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Summary: We have seen how ONA (Organizational Network Analysis) can help decision makers align collaboration initiatives with strategy and drive innovation within their organization. The third article from this series will focus on how ONA can help achieve better execution.
“The addition of structure makes everyone more conscious of the work tasks at hand, which limits the desire for purely social interaction… Purely social applications are too social, and purely structured applications provide too much structure. Combinations of the two are where the work gets done fastest and most effectively”. Tom Davenport
Here is what we’ve been hearing lately: “Management and teamwork are social. Do more of it, and do it more socially.” The problem with such approach is that it claims that going social is the ultimate solution. It’s not always the case. Yes, teamwork is social, and collaboration is an increasingly critical feature in organizations. However, costs attached to collaborations are far from insignificant. And thus, in many cases no collaboration can turn to be a better option than “bad” collaboration. Any initiative for enhancing execution must therefore identify the “bad” collaboration from the “good” one.
What is bad collaboration?
Imagine your organization as a set of complex networks where nodes are knowledge workers linked by ties. Each tie has what we call in graph theory a “weight” that is a value or a cost we associate to the link. Assessing the cost for example of interactions can be done by calculating (the number of hours spent on that interaction x the cost of a knowledge worker labor hour).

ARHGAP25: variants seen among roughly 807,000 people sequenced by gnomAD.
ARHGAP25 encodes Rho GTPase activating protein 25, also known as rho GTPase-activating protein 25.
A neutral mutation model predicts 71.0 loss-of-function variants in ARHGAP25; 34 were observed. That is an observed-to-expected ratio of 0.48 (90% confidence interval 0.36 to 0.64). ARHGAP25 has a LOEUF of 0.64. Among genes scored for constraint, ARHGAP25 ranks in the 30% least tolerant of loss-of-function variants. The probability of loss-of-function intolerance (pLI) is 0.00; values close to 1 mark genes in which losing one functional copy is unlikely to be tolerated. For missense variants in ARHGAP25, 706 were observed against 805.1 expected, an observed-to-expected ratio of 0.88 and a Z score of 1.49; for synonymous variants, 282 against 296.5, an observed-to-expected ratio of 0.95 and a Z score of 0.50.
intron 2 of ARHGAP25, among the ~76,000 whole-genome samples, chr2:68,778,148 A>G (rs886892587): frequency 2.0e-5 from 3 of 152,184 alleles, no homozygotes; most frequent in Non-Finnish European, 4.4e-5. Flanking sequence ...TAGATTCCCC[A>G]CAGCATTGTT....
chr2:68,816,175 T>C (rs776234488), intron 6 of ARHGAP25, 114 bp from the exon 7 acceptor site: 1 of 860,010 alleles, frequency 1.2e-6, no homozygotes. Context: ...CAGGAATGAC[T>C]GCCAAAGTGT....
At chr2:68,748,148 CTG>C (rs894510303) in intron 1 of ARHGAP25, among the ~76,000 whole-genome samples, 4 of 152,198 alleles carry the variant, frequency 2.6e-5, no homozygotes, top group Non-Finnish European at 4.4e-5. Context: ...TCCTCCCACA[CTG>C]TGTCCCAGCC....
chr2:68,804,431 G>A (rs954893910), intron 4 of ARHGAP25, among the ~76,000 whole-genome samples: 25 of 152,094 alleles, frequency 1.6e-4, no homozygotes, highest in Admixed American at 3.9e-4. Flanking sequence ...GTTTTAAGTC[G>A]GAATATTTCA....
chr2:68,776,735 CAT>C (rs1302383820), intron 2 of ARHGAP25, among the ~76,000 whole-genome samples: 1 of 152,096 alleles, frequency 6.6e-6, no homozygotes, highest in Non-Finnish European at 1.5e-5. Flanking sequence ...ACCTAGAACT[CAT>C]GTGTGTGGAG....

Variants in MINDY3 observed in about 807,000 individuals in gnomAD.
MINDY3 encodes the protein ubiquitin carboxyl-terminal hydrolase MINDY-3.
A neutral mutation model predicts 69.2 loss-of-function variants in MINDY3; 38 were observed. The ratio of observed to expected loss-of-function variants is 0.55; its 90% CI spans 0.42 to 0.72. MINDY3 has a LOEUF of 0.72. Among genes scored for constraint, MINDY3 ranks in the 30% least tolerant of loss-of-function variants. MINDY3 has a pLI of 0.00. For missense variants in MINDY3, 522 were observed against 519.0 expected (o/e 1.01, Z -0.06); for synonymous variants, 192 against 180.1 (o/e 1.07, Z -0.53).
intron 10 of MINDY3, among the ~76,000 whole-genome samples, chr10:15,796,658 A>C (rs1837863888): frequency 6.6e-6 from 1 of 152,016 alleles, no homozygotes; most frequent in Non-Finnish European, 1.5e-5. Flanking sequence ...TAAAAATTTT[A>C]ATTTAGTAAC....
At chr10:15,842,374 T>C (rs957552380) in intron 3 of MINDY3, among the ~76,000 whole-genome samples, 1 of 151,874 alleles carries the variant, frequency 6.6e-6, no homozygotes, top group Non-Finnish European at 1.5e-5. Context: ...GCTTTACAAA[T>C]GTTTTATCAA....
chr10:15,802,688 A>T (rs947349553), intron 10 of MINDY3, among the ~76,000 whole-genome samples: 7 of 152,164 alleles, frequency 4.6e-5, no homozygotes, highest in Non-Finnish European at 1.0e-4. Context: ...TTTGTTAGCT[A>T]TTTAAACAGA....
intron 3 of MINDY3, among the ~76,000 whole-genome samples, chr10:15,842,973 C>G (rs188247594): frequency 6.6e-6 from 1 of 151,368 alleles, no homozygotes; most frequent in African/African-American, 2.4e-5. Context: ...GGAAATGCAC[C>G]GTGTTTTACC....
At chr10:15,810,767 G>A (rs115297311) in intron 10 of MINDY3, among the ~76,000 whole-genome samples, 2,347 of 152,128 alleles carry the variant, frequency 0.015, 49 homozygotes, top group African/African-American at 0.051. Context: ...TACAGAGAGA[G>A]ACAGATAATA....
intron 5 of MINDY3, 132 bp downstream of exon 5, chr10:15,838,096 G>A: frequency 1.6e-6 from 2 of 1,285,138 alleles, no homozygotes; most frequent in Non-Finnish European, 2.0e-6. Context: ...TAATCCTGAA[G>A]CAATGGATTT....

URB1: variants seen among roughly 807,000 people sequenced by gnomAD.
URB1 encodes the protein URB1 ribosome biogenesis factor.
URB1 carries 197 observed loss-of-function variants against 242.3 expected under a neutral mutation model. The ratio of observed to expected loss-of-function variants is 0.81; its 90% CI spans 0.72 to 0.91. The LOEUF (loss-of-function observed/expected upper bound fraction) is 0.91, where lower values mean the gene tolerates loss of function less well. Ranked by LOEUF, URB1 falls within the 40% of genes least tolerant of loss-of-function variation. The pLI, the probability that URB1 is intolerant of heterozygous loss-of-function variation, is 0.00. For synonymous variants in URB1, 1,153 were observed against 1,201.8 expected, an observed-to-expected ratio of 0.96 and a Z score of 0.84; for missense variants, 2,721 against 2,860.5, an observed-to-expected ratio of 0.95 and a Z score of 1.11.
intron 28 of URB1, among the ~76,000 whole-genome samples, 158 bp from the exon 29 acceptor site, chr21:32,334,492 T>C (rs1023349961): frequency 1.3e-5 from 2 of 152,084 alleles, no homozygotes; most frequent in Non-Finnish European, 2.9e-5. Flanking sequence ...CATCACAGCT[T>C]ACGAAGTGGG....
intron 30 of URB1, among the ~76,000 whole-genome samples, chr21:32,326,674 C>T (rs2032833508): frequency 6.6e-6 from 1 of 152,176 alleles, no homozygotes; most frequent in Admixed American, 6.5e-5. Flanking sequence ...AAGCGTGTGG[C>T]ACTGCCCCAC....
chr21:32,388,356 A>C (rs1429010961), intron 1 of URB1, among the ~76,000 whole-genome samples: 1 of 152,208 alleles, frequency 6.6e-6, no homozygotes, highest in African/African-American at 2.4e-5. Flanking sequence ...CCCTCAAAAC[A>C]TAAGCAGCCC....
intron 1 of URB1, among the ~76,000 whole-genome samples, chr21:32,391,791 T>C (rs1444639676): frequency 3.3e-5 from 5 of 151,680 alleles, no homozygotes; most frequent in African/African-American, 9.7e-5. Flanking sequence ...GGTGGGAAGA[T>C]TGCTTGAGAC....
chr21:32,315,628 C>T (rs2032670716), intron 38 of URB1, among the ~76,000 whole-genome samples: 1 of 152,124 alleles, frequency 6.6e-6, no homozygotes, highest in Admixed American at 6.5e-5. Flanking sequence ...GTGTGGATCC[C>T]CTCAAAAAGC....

Bad collaboration reflects network inefficiencies that render a cost of interaction exceeding the value of the outcome. There can be multiple causes of this: outdated role definitions, redundancies or ineffective decision right allocation…
How do we fight these inefficiencies?
By increasing productive interactions and reducing unproductive ones. “Easier said than done” most of us would say, and I couldn’t agree more. That’s why there is an increasing need in combining process improvement methodologies with ONA to get the best results. While the first gives insight on replications of efforts in the execution process, the later help identify the unproductive interactions and put a number on collaborative initiatives (thus measure their pertinence). Just how Tom Davenport states that structured applications need to be combined with social ones, a structured process perspective complements the social network perspective.
Example: redesigning processes may help identify better routs for execution but only ONA can pinpoint the relational changes that need to occur in the new environment. Having an idea on which ties to build and which to leave behind can certainly help realize the anticipated efficiency of the process reengineering.
The most performing execution teams, as stated by Cross and Thomas, are those who share the following network characteristics: “collaborations between the right roles at relevant points in a project, lateral connectivity across team members, lack of hierarchical information seeking, and diverse ties to relevant parties both inside and outside the organization.” Better execution within your organization comes down then, to appropriate connectivity and focused collaboration combined with efficient processes.
Have your organization reengineered its processes lately? Has it been a success or do you feel there is room for improvement? Do you agree that an additional network perspective could be the answer? Your thoughts are welcome.